Empathy, Respect for Historical Narratives of the Public, and Diversity

Empathy, Respect for Historical Narratives of the Public, and Diversity

Undergraduate student Snow Gai reflects on her experience participating in the SPICE/Stanford–Waseda intensive course.
a female student posing in front of a window on university campus. Snow Gai on the Waseda University campus; photo courtesy Snow Gai.

The following is a guest article written by Snow Gai, a student from China studying at Waseda University in Japan. Snow enrolled in the SPICE/Stanford–Waseda Intensive Course on Diversity and Global Citizenship, which was organized by SPICE and Waseda’s School of Social Sciences and taught by Meiko Kotani. Students from China, Indonesia, Mongolia, and Japan brought diverse perspectives to the course.

At a time when governments, mass media, and dominant ethnic groups hold sway over the prevailing narrative of global society, local communities and minorities in various countries and regions are trying to fight for more space and freedom. This silent yet brutal competition extends from the realm of culture and history to the real-life living environment of society. In addition, this continuous evolution of historical narratives and power declarations is also an epochal and subversive reshaping of the public’s perception of the cultural diversity of mankind.

In the late winter and early spring, when the air was still a bit chilly, I was honoured to be selected, along with several other students from the School of Social Science, to participate in an intensive course on diversity and global citizenship, jointly organized by the Faculty of Social Sciences of Waseda University and the Stanford Program on International and Cross-Cultural Education. The lectures on history and diversity provided by renowned professors from the two schools enriched and broadened our perspectives on history and our understanding of diversity.

Due to space constraints, I would like to present my gains and impressions by extracting two of the lessons that impressed me the most.

The opening lecture was given by the Dean of the Faculty of Social Sciences of Waseda University on the evolution of historical perspectives and peacebuilding. As a student who grew up in and was immersed in the Chinese educational environment, I am certain from my personal experience that the history of World War II in the Pacific region, and in particular the history of China’s “War of Resistance against Japan,” is one of the most important aspects of modern history education in China. However, not only in Japan but also in China, the interpretation of this history has been changing over time. Even without considering the historical context of East Asia, we can also observe that such dynamic changes in historical perspectives occur frequently across different countries and regions around the world. Behind these changes lies the role of history education in shaping collective memories and narratives, and in supporting the legitimacy of regimes—a factor that cannot be ignored. Facing up to these roles of historical narratives is crucial for promoting an independent and objective reading of history by individuals, for deepening understanding of the diversity of values and worldviews, and even for finding windows of dialogue between groups in conflict and for building peace between regions and peoples.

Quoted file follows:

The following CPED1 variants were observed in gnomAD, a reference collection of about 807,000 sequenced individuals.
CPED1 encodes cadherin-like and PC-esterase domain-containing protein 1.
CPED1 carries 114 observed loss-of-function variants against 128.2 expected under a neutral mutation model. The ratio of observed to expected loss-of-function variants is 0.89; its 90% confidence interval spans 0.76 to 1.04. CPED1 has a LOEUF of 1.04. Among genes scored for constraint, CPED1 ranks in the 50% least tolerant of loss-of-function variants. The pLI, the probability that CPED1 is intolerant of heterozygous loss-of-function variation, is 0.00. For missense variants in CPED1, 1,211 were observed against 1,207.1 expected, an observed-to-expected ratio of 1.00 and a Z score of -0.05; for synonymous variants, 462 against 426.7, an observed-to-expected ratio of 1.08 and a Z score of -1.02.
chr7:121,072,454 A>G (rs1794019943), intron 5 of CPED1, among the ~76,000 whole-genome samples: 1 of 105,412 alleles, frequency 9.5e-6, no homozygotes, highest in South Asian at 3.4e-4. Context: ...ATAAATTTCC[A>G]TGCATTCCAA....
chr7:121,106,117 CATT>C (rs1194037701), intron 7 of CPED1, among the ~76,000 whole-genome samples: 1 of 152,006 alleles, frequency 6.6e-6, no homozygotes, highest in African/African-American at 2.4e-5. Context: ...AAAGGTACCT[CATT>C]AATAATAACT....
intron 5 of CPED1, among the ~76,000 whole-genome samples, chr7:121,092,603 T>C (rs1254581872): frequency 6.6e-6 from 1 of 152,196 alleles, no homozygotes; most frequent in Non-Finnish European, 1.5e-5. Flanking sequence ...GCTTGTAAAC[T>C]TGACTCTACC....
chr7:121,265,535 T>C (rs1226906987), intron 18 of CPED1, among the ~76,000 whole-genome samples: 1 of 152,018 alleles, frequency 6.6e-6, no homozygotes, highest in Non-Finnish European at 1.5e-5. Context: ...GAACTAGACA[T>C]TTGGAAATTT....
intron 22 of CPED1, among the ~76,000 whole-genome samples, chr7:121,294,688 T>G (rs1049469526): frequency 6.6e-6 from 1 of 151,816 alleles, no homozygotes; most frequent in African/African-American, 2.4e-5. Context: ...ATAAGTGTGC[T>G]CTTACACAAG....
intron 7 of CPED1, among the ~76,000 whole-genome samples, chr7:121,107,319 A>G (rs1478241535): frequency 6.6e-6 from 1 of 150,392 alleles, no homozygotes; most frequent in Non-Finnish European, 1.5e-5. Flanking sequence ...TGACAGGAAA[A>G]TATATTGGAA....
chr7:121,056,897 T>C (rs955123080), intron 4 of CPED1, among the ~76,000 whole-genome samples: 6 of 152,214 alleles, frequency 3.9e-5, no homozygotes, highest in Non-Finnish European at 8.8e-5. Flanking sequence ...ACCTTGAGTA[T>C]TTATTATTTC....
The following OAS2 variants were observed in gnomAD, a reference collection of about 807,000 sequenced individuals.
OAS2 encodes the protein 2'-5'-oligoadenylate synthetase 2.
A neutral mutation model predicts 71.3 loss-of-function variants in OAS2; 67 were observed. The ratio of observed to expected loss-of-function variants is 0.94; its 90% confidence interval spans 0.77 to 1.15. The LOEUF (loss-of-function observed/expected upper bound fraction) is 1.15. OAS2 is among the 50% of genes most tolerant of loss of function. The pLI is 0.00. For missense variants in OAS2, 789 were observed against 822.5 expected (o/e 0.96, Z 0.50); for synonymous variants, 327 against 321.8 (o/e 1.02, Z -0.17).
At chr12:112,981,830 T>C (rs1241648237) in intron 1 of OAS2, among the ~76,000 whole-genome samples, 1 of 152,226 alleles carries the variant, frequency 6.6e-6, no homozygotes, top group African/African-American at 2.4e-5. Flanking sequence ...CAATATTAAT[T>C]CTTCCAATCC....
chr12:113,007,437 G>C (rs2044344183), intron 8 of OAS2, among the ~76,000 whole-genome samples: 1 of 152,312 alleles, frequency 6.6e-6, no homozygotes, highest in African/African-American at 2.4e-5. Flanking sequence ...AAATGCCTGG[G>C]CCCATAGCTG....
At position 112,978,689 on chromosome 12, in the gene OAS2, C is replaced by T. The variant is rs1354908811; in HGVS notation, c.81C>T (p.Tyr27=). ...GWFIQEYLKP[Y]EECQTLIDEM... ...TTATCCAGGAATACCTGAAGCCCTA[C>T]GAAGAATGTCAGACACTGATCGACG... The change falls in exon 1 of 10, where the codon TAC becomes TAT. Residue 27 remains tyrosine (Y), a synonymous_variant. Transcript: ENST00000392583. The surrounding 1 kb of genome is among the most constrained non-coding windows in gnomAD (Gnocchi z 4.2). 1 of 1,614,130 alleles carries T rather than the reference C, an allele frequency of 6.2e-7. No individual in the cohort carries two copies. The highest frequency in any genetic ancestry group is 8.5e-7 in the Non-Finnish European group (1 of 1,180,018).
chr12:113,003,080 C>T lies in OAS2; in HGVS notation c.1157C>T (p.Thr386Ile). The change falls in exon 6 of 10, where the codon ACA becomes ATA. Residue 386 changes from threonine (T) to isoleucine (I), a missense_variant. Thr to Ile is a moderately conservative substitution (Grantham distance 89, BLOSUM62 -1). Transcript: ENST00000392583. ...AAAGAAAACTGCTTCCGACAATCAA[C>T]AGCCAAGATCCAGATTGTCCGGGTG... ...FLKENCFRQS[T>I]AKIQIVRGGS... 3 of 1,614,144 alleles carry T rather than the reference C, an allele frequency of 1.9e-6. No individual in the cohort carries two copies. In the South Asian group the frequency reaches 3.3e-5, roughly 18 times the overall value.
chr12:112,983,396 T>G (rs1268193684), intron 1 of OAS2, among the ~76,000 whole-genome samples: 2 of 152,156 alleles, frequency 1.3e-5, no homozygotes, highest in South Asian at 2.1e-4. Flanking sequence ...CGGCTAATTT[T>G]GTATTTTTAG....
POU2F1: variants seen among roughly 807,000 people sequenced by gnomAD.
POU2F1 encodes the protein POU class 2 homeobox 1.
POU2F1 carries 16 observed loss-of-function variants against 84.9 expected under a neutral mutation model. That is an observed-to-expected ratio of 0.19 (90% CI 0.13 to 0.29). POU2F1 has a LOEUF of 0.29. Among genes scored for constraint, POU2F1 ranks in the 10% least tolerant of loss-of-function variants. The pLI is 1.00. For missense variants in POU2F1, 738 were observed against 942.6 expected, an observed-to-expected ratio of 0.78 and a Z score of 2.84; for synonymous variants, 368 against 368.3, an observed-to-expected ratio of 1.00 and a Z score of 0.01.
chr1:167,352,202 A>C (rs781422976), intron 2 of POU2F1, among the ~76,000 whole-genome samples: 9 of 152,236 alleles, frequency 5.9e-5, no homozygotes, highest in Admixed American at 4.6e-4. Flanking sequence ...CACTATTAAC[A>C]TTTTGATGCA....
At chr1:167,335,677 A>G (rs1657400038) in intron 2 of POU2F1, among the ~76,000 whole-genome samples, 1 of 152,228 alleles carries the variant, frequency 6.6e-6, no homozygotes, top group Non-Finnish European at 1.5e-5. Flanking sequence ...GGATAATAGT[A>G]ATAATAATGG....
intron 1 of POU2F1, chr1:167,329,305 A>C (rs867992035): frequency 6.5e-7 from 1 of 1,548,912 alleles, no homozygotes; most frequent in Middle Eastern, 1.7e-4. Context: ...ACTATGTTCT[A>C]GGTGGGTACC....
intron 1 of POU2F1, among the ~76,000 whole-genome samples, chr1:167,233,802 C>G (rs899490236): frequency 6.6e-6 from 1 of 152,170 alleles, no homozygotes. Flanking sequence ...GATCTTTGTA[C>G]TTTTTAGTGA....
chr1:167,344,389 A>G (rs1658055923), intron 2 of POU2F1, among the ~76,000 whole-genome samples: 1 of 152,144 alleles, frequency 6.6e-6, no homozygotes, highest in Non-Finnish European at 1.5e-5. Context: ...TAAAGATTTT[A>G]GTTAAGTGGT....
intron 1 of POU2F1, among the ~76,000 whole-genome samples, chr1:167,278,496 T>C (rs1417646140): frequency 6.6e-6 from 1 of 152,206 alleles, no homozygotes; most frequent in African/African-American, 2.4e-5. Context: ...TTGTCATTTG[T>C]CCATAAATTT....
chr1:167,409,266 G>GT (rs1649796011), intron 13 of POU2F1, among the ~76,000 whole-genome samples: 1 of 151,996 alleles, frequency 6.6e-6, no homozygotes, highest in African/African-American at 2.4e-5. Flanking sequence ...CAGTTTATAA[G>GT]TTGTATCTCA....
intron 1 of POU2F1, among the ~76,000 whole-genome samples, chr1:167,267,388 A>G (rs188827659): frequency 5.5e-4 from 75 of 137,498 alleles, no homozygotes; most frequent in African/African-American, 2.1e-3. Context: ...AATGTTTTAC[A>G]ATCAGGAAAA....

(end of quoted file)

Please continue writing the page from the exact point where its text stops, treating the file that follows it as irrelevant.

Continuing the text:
professor and students in a classroom

Related to this somewhat abstract and theoretical content, and the lecture that resonated with me the most, was a brief history of East Asian immigration to North America, presented by Dr. Gary Mukai from Stanford, whose own family history made this different interpretation of ethnicity and history particularly meaningful. As one of the most silent and humble peoples in North America, East Asian immigrants have had a profound relationship with the development of this land. Whether it was the Trans-America Railway built by Chinese immigrant labourers, the immigration gate on Angel Island that accepted and rejected countless visitors from the other side of the Pacific, or the incarceration camps for Japanese Americans during of the Second World War, Asian immigrants have unfortunately not been selected to be crowned and extolled by the mainstream of history despite the remarkable impact they made on the history of this land. In addition to a little bit of indignation and sadness, the other students and I could not help but marvel at the magnitude of the real past outside of the history textbooks.

As someone who has studied for long in the field of peacebuilding and conflict resolution, I am acutely aware of the importance of deepening the public’s understanding of the diversity of historical narratives and the importance of marginalised groups in the work of national reconciliation and peacebuilding. Through this colourful short-term experience I was fortunate to have the opportunity to stop briefly in the midst of a multitude of official news and narratives, and go behind the scenes of the history stage with my peers, tracing back and witnessing the true and great role of the general public in the river of time.

At the end, I would like to thank once again the staff from the Faculty of Social Sciences and other departments at Waseda University, as well as the instructors and professors from SPICE, and the lovely students from across the ocean who made video calls with us and expressed together their empathy for life. We ourselves are the creators of a truly diverse society and the meaning of our existence, and this valuing of diversity will benefit the wider community and our future.

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